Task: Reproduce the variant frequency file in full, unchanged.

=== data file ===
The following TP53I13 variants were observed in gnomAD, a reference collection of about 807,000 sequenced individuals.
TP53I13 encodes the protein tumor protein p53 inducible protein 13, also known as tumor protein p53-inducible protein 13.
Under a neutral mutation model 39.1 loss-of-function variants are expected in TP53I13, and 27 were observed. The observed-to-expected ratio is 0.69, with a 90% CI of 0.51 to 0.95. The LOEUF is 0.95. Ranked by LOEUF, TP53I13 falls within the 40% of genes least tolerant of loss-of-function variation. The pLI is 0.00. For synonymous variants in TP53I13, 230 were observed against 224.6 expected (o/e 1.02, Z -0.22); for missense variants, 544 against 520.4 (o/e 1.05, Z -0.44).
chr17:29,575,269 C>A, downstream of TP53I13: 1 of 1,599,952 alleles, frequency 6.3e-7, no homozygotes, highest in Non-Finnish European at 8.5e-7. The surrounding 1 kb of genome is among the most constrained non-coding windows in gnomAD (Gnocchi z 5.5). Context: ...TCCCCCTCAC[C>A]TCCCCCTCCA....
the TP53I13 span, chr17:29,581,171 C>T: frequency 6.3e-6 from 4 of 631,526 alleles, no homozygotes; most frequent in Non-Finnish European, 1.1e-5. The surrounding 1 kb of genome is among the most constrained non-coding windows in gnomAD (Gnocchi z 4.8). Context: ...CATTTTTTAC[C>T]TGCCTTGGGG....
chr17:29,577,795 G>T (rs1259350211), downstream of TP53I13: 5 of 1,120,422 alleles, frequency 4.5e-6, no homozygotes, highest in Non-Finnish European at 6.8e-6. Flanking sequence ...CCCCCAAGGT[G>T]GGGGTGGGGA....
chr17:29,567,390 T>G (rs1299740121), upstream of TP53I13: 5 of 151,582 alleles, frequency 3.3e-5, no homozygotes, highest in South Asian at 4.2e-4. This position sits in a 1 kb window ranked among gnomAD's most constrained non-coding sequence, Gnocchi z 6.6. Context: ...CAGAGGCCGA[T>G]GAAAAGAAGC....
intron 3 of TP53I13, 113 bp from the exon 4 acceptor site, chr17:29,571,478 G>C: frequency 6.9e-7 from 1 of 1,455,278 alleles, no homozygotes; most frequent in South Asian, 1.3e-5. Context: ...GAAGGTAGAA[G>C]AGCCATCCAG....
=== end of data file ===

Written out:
The following TP53I13 variants were observed in gnomAD, a reference collection of about 807,000 sequenced individuals.
TP53I13 encodes the protein tumor protein p53 inducible protein 13, also known as tumor protein p53-inducible protein 13.
Under a neutral mutation model 39.1 loss-of-function variants are expected in TP53I13, and 27 were observed. The observed-to-expected ratio is 0.69, with a 90% CI of 0.51 to 0.95. The LOEUF is 0.95. Ranked by LOEUF, TP53I13 falls within the 40% of genes least tolerant of loss-of-function variation. The pLI is 0.00. For synonymous variants in TP53I13, 230 were observed against 224.6 expected (o/e 1.02, Z -0.22); for missense variants, 544 against 520.4 (o/e 1.05, Z -0.44).
chr17:29,575,269 C>A, downstream of TP53I13: 1 of 1,599,952 alleles, frequency 6.3e-7, no homozygotes, highest in Non-Finnish European at 8.5e-7. The surrounding 1 kb of genome is among the most constrained non-coding windows in gnomAD (Gnocchi z 5.5). Context: ...TCCCCCTCAC[C>A]TCCCCCTCCA....
the TP53I13 span, chr17:29,581,171 C>T: frequency 6.3e-6 from 4 of 631,526 alleles, no homozygotes; most frequent in Non-Finnish European, 1.1e-5. The surrounding 1 kb of genome is among the most constrained non-coding windows in gnomAD (Gnocchi z 4.8). Context: ...CATTTTTTAC[C>T]TGCCTTGGGG....
chr17:29,577,795 G>T (rs1259350211), downstream of TP53I13: 5 of 1,120,422 alleles, frequency 4.5e-6, no homozygotes, highest in Non-Finnish European at 6.8e-6. Flanking sequence ...CCCCCAAGGT[G>T]GGGGTGGGGA....
chr17:29,567,390 T>G (rs1299740121), upstream of TP53I13: 5 of 151,582 alleles, frequency 3.3e-5, no homozygotes, highest in South Asian at 4.2e-4. This position sits in a 1 kb window ranked among gnomAD's most constrained non-coding sequence, Gnocchi z 6.6. Context: ...CAGAGGCCGA[T>G]GAAAAGAAGC....
intron 3 of TP53I13, 113 bp from the exon 4 acceptor site, chr17:29,571,478 G>C: frequency 6.9e-7 from 1 of 1,455,278 alleles, no homozygotes; most frequent in South Asian, 1.3e-5. Context: ...GAAGGTAGAA[G>C]AGCCATCCAG....